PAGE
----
Mathematics Stack Exchange is a question and answer site for people studying math at any level and professionals in related fields. Join them; it only takes a minute:

Sign up
Here's how it works:
  1. Anybody can ask a question
  2. Anybody can answer
  3. The best answers are voted up and rise to the top

Let $f \,: X \to Y$ be a map between connected spaces. Let: $$ X^{(k)} \to \ldots \to X^{(0)} \approx X $$ and $$ Y^{(k)} \to \ldots \to Y^{(0)} \approx Y $$ be whitehead towers for $X$ and $Y$. What are sufficient conditions in order to extend $f$ to a "morphism" $\{f_{n}\}_{n \in \mathbb{N}}$ between the whitehead towers? i.e., in such a way that the following diagram commutes?

\begin{equation} \label{} \begin{array}{ccccccccccccccccccccccccccccccc} \vdots & & \vdots \\ \Big\downarrow && \Big\downarrow \\ X^{(2)} & \overset{f_2}{\longrightarrow} & Y^{(2)} \\ \Big\downarrow && \Big\downarrow \\ X^{(1)} & \overset{f_1}{\longrightarrow} & Y^{(1)} \\ \Big\downarrow && \Big\downarrow \\ X & \overset{f}{\longrightarrow} & Y \\ \end{array} \end{equation}

Maybe stronger hypotheses are needed: the maps of the whitehead towers may be fibrations for example (or pincipal bundles.. whatever!)!

Here is a reference for whitehead towers:


maybe this question was already answered there: ... but maybe by "functorial" they simply mean "canonical", i.e., it is possible to associate to a space a distinguished whitehead tower!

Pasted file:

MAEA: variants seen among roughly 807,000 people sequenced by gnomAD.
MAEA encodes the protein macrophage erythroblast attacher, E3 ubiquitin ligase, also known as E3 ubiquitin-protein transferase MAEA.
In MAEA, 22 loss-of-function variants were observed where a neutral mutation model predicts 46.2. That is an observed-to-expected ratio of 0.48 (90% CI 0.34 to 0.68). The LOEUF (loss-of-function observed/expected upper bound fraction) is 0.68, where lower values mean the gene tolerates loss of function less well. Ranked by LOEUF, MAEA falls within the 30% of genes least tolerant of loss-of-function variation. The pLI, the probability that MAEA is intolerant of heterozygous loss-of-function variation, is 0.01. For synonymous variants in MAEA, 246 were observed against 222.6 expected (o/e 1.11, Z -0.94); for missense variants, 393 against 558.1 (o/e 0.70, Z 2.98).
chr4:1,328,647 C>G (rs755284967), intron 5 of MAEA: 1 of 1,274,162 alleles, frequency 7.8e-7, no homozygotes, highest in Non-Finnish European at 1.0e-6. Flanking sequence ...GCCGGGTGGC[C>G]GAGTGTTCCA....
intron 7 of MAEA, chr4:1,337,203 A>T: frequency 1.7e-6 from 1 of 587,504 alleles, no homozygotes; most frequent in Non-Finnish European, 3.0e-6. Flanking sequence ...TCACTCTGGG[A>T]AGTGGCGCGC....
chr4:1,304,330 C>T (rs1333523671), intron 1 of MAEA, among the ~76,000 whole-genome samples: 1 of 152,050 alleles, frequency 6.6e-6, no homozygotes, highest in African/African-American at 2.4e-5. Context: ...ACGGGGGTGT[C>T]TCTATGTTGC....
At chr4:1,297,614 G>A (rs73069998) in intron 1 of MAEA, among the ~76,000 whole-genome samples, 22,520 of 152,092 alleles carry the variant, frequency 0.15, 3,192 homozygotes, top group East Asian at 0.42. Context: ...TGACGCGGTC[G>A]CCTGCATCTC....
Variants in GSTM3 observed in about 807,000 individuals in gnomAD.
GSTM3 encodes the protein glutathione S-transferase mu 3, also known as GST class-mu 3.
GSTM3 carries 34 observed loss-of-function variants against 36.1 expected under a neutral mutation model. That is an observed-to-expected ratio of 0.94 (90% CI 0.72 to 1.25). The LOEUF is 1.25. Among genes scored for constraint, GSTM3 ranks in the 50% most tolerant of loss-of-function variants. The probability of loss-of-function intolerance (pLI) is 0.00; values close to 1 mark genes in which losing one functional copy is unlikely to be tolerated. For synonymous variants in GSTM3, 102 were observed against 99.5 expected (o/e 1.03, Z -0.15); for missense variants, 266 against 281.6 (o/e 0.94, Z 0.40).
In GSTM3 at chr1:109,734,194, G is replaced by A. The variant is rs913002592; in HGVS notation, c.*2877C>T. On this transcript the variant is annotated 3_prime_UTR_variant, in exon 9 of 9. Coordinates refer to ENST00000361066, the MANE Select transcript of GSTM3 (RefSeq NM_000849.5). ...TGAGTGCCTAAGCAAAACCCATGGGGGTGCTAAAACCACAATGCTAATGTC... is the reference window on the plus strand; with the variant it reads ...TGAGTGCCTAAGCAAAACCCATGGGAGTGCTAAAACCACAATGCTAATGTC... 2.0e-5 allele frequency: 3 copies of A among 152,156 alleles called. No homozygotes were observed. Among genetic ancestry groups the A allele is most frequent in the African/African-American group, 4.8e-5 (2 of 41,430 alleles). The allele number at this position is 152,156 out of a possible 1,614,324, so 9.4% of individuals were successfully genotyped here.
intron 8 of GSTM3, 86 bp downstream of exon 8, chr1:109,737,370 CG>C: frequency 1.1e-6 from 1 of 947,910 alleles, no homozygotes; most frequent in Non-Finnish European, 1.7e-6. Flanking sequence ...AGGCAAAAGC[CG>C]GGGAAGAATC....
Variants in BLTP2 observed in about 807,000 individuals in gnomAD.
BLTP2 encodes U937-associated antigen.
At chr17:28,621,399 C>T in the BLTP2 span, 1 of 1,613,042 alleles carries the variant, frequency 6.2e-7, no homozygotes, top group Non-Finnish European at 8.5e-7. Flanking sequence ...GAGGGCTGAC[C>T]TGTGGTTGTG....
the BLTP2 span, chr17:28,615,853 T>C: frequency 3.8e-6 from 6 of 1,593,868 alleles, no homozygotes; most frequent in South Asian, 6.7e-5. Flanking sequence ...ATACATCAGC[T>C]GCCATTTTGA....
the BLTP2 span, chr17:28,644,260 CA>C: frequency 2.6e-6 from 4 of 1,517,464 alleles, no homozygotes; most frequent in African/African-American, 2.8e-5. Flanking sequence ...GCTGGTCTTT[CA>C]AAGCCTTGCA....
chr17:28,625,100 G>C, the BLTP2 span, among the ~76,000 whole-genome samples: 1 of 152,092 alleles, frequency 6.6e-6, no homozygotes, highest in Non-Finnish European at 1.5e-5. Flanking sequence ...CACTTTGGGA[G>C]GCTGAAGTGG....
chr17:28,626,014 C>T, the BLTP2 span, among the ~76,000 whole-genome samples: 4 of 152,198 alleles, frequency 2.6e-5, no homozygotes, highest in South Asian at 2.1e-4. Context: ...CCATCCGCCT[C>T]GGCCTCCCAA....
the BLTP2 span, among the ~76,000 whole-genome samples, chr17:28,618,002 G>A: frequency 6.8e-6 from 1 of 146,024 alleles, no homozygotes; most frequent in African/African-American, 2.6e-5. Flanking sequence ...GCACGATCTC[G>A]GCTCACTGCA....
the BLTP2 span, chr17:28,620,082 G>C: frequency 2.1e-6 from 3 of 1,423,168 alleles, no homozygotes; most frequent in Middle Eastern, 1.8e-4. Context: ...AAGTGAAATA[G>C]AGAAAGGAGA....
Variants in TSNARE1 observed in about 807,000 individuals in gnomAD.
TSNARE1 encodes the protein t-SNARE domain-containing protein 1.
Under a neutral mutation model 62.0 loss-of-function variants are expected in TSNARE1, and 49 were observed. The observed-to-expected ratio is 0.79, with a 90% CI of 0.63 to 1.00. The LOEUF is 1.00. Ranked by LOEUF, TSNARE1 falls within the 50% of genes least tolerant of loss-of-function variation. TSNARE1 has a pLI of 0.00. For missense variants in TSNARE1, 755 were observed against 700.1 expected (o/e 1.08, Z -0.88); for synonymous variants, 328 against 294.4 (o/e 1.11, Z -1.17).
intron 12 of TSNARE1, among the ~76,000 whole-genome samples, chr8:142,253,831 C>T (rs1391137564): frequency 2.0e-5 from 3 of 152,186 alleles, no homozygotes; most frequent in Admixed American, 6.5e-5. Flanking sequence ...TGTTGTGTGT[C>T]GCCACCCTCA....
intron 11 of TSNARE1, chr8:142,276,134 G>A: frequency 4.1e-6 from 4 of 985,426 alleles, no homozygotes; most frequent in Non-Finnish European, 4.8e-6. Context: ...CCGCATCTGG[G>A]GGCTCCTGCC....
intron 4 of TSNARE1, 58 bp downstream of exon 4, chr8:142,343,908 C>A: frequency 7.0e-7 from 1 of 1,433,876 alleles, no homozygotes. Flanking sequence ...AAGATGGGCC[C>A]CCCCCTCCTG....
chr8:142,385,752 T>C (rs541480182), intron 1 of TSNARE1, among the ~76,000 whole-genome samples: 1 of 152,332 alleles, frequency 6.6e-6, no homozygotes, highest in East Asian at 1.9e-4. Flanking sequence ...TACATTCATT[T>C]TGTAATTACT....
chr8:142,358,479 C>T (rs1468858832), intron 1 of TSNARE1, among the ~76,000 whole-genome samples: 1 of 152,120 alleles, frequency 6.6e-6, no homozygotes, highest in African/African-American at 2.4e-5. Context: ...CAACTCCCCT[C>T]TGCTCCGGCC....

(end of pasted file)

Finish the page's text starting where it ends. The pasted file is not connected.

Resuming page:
it seems to me that proposition 4.18 p. 364 of hatcher's "algebraic topology" provides an affirmative answer to my question (if the vertical maps in the towers are fibrations). Translateing the notation of the book to my case, we get $A = \emptyset$, $Z = X^{(n+1)}$, $X = X^{(n)}$, $Z' = Y^{(n+1)}$, $X' = Y^{(n)}$, $f$ and $f'$ are fibrations, and $g = f_{n-1}$. Hence there exists a map $h \,: Z \to Z'$ as in the proposition, because $X^{(n+1)} \to X^{(n)}$ is a $n + 1$--connected model for $X^{(n)}$ (see hatcher's definition: p. 352)!

The diagram of proposition 4.18 is then commutative only up to homotopy. But since $f$ and $f'$ are fibrations (in our case), we are able to "correct" $h$ alias $f_{n+1}$, making the diagram genuinely commutative!

share|cite|improve this question

Your Answer


By posting your answer, you agree to the privacy policy and terms of service.

Browse other questions tagged or ask your own question.